Wednesday, April 8, 2015 [Tweets] [Favorites]

Mac App Store Licensing and Copy Protection

Gus Mueller:

I’m seeing 40x more downloads than purchases. Hello massive pirating.

It’s been happening for years.

Cabel Sasser:

Yeah, easy as pie. One username/password shared. As if I needed another reason to hesitate from the MAS…

Ian Meyer:

My girlfriend’s workplace uses a single MAS account to make purchases for hundreds of users. She’s trying to change that.

Jason Snell (in 2011):

When you buy an app on the Mac App Store, you’re getting the rights to run that program on any Macs you own and operate, for your personal use. Basically, if your household has a half-dozen different Macs, including desktops and laptops, you can buy a copy of Gratuitous Space Battles and play it on every single one of them. Consider a purchase of consumer software via the Mac App Store to be a bit like buying a household site license for the app.

The situation is slightly different for apps that are considered commercial or professional in nature. For apps that fall into this category—Aperture’s a good example—the Mac App Store license says that you essentially can install that item on computers you use or on a single computer shared by multiple people. Basically think of it as a one-seat license for a pro app.

[…]

There’s no authorizing or deauthorizing of Macs, like you do with iTunes media. There’s no five-Mac limit, or device limit of any kind. […] Beyond entering in your Apple ID and password, this is all on the honor system.

It seems like Apple should be able to solve this problem rather easily. It already has a system to keep track of which devices are authorized to play media files. This could have been a reason to sell in the Mac App Store, because a FairPlay system would be both secure and easy to use. But Apple doesn’t really sell software anymore, so it probably doesn’t see this as much of a problem. And developers are not breathing down its neck the way the record labels were.

Enforcement aside, Apple isn’t even trying very hard to communicate how the honor system is intended to work. Alastair Houghton:

To be fair, it’s far from obvious how businesses are supposed to handle purchases from MAS.

There are no links from the App Store front pages, and no obvious indication what to do.

Normally businesses buy the same way as consumers and don’t need to use a special channel.

Apple should be more pro-active; right now, it’s costing developers quite a lot of lost revenue I expect.

Update (2015-04-09): There is further discussion on Twitter.

10 Comments

"But Apple doesn’t really sell software anymore, so it probably doesn’t see this as much of a problem."

I'd assume it's even more extreme than that. From the Cupertino POV, it's a feature, not a bug, no?

They sell hardware. Serves their purposes if software gets pirated.

Rip, mix, burn!

"It already has a system to keep track of which devices are authorized to play media files."

A system that does not handle multiple accounts for the same device. It's a real pleasure not to be able to purchase music you've purchased in iTunes on an iOS device because the FairPlay system is dumb.

@stephane I’m having trouble parsing your second sentence. Is the first “purchase” meant to be “put”? And isn’t this one of the problems that Home Sharing is meant to solve?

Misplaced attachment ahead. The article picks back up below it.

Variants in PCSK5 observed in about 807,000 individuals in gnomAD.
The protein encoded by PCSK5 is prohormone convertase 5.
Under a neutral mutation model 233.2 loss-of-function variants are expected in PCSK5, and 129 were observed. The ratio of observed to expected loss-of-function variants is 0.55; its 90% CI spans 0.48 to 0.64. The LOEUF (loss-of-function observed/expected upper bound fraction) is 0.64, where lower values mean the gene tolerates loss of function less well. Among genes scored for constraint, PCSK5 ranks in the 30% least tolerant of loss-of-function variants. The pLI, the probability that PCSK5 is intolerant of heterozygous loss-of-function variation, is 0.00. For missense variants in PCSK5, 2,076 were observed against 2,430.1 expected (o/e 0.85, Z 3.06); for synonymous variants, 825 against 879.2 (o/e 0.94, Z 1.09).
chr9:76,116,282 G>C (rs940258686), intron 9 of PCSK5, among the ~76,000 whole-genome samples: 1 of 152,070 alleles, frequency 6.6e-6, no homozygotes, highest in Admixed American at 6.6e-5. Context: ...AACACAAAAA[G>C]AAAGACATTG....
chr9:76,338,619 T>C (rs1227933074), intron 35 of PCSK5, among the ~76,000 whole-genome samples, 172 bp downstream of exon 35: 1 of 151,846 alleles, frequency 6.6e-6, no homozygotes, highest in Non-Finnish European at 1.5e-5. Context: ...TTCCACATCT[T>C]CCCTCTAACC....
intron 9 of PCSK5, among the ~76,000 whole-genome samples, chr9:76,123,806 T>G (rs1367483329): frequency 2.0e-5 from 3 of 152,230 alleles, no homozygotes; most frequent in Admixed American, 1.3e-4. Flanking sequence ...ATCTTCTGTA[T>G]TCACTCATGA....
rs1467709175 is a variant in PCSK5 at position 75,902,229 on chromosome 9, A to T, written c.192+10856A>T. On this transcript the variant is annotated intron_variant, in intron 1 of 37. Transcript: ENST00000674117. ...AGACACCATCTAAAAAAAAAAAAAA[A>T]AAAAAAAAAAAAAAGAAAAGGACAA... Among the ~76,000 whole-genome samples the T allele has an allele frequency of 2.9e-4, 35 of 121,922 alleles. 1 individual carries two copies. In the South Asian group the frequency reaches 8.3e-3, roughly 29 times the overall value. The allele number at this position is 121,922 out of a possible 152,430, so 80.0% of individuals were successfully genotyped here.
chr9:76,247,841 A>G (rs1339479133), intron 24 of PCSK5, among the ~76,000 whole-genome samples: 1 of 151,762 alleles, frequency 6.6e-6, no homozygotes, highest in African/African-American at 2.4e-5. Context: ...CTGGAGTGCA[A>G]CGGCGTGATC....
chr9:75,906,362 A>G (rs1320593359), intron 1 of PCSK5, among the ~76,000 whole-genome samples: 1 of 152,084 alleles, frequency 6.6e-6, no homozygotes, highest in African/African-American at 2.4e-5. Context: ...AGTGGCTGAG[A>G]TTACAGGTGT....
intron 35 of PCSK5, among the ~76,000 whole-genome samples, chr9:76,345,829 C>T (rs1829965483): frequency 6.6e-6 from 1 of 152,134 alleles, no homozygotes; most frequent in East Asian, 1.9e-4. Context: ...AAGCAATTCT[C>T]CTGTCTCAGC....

In any case, I don’t see how the fact that each iOS device is linked to a single Apple/iTunes account relates to Mac apps. Apple already supports multiple Apple IDs on a single Mac, i.e. one for each Mac OS X user account. Macs are the only devices that Mac apps run on.

Perhaps I have better customers, but my ratio is about 1 re-download for every 2 purchase.

@Michael Yes, purchase put.

The point is that since they are not able to deal with multiple Apple IDs in one case, I would not trust them to get it right for Mac apps.

There's also the issue that the legitimacy of an installed app is based on the receipt:

- this is an opt-in solution. No apps are rejected because they do not check the validity of the receipts AFAIK.
- it's up to the 3rd party developer to implement the code checking the validity of the receipt
- since the Mac is still an open platform, the binary of the apps can be hacked to workaround the validating code
- and if the checking of the receipt validity was performed by the OS vendor, it would be even better once it's cracked because this would allow to run any application from the Mac App Store.

@stephane Well, I think this just goes back to the old debate about how much effort to put into thwarting cracks. I think Apple could build a system sufficient to keep honest people honest. If the app developer is worried about people jailbreaking their Mac, they could still do their own checking, as some iOS developers do.

[…] Mac App Store is supposed to make things easier, but it’s also a single point of failure. Not only is it neglected, but sometimes even the existing functionality stops working. Mac OS X […]

[…] Mac App Store is supposed to make things easier, but it’s also a single point of failure. Not only is it neglected, but sometimes even the existing functionality stops working. Mac OS X […]

[…] Mac App Store is supposed to make things easier, but it’s also a single point of failure. Not only is it neglected, but sometimes even the existing functionality stops working. Mac OS X […]

[…] Mac App Store is supposed to make things easier, but it’s also a single point of failure. Not only is it neglected, but sometimes even the existing functionality stops working. Mac OS X […]

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